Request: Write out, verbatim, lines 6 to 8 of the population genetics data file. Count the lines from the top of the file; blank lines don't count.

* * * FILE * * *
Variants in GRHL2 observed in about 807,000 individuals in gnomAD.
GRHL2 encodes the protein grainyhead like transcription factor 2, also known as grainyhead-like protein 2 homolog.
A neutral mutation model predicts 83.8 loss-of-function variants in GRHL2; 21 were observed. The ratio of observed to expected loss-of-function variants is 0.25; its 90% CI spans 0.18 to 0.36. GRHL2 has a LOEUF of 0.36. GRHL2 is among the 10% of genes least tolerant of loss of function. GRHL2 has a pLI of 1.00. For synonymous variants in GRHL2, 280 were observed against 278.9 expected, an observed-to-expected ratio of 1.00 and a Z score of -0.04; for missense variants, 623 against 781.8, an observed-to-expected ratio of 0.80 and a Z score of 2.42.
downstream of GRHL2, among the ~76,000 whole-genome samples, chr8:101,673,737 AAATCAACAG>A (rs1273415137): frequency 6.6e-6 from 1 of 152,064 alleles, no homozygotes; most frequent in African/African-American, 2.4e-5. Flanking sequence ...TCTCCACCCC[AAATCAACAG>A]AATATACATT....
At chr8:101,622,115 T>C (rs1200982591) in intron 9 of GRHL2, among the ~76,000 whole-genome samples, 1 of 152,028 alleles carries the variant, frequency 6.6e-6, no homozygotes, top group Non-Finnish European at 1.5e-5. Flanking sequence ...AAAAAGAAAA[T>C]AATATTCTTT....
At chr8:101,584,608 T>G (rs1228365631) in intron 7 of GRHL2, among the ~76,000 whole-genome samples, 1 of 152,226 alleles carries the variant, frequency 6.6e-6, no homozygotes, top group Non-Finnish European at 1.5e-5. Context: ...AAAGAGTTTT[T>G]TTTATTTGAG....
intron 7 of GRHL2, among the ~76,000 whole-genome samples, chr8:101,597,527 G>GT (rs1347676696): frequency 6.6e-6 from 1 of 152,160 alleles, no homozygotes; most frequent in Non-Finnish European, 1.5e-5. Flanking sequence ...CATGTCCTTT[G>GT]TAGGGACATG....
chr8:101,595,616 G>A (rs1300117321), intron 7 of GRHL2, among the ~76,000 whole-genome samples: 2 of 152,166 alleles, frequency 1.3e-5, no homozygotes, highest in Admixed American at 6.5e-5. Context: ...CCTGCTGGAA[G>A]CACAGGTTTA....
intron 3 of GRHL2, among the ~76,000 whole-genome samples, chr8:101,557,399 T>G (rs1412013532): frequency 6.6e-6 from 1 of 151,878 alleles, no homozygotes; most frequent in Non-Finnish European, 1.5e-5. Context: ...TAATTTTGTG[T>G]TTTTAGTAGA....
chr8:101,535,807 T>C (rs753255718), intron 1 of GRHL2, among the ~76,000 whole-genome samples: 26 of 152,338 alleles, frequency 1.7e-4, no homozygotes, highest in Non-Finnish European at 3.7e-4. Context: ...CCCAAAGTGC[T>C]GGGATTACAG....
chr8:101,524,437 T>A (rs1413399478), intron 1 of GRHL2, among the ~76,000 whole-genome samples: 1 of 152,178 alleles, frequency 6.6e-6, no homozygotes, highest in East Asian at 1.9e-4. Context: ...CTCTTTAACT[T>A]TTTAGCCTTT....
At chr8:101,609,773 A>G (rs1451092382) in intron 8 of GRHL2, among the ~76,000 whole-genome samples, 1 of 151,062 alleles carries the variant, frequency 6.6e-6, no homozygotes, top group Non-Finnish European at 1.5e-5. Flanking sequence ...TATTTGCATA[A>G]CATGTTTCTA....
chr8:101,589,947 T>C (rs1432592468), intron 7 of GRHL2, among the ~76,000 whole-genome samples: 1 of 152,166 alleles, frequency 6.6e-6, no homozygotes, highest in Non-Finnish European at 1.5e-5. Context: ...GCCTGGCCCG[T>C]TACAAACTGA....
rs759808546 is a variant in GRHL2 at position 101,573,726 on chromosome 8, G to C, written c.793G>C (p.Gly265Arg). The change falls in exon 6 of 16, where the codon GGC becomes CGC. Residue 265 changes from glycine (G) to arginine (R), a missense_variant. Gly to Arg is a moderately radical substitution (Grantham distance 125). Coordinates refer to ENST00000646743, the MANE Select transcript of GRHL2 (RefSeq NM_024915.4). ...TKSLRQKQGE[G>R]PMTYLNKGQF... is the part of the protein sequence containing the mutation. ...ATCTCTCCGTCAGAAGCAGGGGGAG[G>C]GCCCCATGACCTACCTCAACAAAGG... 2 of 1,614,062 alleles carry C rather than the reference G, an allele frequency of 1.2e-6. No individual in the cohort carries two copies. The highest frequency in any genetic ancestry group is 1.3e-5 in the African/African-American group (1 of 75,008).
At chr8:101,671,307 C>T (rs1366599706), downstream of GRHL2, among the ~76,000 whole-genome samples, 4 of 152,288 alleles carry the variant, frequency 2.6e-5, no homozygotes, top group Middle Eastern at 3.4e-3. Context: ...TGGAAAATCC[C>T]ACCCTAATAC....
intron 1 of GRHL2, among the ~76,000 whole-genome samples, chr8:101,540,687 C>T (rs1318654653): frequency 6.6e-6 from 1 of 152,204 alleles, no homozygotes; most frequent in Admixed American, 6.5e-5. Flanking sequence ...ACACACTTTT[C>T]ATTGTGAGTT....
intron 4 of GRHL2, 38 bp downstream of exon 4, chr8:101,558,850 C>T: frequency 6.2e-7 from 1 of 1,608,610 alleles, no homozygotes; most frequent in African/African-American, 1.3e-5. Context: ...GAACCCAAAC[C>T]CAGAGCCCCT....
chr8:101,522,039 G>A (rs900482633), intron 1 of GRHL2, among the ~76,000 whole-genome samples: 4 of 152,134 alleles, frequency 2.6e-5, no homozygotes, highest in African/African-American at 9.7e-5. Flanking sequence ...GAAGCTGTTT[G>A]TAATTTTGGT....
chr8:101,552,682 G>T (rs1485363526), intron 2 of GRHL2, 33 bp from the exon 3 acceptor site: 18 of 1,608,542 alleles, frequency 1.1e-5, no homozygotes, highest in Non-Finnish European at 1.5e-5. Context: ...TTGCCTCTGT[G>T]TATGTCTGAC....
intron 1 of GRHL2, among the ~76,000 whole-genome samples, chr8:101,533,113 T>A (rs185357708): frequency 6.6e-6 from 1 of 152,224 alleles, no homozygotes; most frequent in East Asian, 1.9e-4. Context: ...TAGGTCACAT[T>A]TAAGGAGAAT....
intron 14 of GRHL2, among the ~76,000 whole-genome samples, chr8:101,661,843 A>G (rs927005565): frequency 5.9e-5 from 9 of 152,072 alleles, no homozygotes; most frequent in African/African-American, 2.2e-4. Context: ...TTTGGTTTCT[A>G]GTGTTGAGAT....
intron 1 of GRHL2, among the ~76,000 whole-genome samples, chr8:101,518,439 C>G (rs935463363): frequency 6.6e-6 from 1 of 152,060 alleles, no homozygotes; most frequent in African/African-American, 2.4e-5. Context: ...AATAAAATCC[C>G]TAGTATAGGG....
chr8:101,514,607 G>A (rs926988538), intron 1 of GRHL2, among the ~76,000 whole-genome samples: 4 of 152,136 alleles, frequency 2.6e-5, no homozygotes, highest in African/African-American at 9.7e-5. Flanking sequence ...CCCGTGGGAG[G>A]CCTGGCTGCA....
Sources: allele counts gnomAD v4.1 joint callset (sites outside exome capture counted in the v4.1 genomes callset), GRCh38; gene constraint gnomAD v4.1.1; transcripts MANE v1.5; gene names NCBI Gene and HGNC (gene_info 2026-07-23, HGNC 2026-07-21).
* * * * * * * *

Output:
At chr8:101,584,608 T>G (rs1228365631) in intron 7 of GRHL2, among the ~76,000 whole-genome samples, 1 of 152,226 alleles carries the variant, frequency 6.6e-6, no homozygotes, top group Non-Finnish European at 1.5e-5. Context: ...AAAGAGTTTT[T>G]TTTATTTGAG....
intron 7 of GRHL2, among the ~76,000 whole-genome samples, chr8:101,597,527 G>GT (rs1347676696): frequency 6.6e-6 from 1 of 152,160 alleles, no homozygotes; most frequent in Non-Finnish European, 1.5e-5. Flanking sequence ...CATGTCCTTT[G>GT]TAGGGACATG....
chr8:101,595,616 G>A (rs1300117321), intron 7 of GRHL2, among the ~76,000 whole-genome samples: 2 of 152,166 alleles, frequency 1.3e-5, no homozygotes, highest in Admixed American at 6.5e-5. Context: ...CCTGCTGGAA[G>A]CACAGGTTTA....